Friday, 11 February 2011


Last night we went to see Wicked. It was wicked! And now Spoiler Alert: if you haven't seen it, I recommend you don't read any further....

The overall performance was good, but the production was transformed to fantastic with the outstanding performance of Rachel Tucker, who played Elphaba, the wicked witch of the west. She showed an amazing range in pitch and a depth of feeling in her powerful voice that helped to tell her story. Such a strong lead, she was careful not to drown out her cast members but was clearly in a league of her own. She was just phenomenal.

The story started slowly, but it was not long before I was identifying with Elphaba - many people feel in some ways that they are hard done by and misunderstood, and even different from everyone else.
So many themes were covered by the story, an obvious one - the power of the media to paint someone as Good or Wicked - so that no matter what was intended it was always poorly received.
It was about standing up for those being persecuted, whose own voice was being silenced out of fear.
It was about the difference between external and internal beauty.
It was about the difference between being Good and being seen or believed to be Good.
It was about personal truth and personal responsibility. The ability to recognise and take responsibility for our own contribution to our own circumstances, without blaming others.

As with many human interactions, it's all about perspective and what individuals each believe to be true, in their own reality. This show was an inspiration: the costumes, the performances and the messages to be truly good.

Thursday, 10 February 2011

Dutch Adventures

This weekend we continued our adventures, flying into Amsterdam on Friday night and out again Sunday night. When mentioning our destination to workmates and friends, the response was almost always a knowing look and confiding smile. Descriptions of the place included 'liberal' and 'very different' and 'fun'. So I was looking forward to developing my own impressions.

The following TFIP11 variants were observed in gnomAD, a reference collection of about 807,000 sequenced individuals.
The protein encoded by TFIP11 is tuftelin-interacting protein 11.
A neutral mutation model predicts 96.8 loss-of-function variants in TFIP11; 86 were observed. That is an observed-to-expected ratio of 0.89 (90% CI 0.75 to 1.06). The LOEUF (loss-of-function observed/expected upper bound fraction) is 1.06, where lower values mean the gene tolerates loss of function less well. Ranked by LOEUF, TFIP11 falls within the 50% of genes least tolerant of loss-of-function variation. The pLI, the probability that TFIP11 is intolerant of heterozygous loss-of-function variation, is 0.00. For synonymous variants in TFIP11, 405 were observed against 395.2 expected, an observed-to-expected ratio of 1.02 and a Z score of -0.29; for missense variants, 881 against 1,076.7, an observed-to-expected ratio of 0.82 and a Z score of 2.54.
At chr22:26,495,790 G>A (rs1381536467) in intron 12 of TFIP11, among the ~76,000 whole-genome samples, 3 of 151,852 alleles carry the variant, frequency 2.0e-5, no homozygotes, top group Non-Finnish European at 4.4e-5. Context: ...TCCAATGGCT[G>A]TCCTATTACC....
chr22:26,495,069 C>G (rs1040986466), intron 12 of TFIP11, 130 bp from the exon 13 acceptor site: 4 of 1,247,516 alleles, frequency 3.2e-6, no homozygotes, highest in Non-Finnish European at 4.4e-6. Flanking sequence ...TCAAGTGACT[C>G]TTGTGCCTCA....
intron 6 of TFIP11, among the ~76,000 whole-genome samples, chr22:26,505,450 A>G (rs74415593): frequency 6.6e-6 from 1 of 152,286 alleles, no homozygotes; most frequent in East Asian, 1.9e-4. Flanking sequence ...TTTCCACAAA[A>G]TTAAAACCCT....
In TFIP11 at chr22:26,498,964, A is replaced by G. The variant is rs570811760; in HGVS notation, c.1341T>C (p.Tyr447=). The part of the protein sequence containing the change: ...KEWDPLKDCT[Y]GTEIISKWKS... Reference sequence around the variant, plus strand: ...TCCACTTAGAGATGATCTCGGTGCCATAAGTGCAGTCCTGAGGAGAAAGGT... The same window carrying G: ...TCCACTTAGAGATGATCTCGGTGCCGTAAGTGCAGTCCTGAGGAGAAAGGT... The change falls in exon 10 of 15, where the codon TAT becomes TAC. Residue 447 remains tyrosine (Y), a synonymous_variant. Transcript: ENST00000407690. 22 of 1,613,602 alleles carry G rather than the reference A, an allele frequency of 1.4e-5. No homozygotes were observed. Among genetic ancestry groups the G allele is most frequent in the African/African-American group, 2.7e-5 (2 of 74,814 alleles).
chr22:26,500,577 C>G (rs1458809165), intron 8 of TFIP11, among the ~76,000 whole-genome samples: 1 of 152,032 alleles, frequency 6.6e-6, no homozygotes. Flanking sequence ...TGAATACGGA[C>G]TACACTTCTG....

Thanks to Expedia specials, we stayed at a nice hotel in the historic area of Haarlem, a small city about 18km from the capital. It was a quiet area, one of the major side effects of having bicycles as the main form of transport. We went for a blustery walk in the evening, amongst the fairly tame Friday night revellers, to orient ourselves.

Saturday we walked around Haarlem before catching a train the 15 minutes to Amsterdam to meet Marjolene (Ma-ro-lee-na). I played with Marj on Iceni in 2010, but not this year as her and Henrik's first child is due in June. For the following 5 hours we walked. We:
  • Saw inside a Buddhist temple and people doing tai chi, as part of the Chinese new year celebrations;
  • Saw the palpable boredom of the daytime prostitutes in the red light district;
  • Saw townhouses 5 stories high with a distinct lean, as a result of being below sea level and the wooden foundations not being deep enough to remain solid for more than 200 years (!) in the clay soil;
  • Crossing what seemed like many of the 1000+ canal bridges;
  • Gawking at the multitude of houseboats on the canals, from sailing boats with improbable (but foldable) 15m masts, to square dongers on floats;
  • Explored the private gardens completely surrounded by the houses that share them, gardens being a rare privilege in a country where space is a premium;
  • Bought for ourselves fresh stroopwaffel, a thin waffle biscuit that has been sliced and filled with a fudge/caramel/toffee substance - best enjoyed after heating over your coffee/tea;
  • Wandered across the nine streets, a collection of streets where the canals are every second street and from above are shaped like a child's rainbow;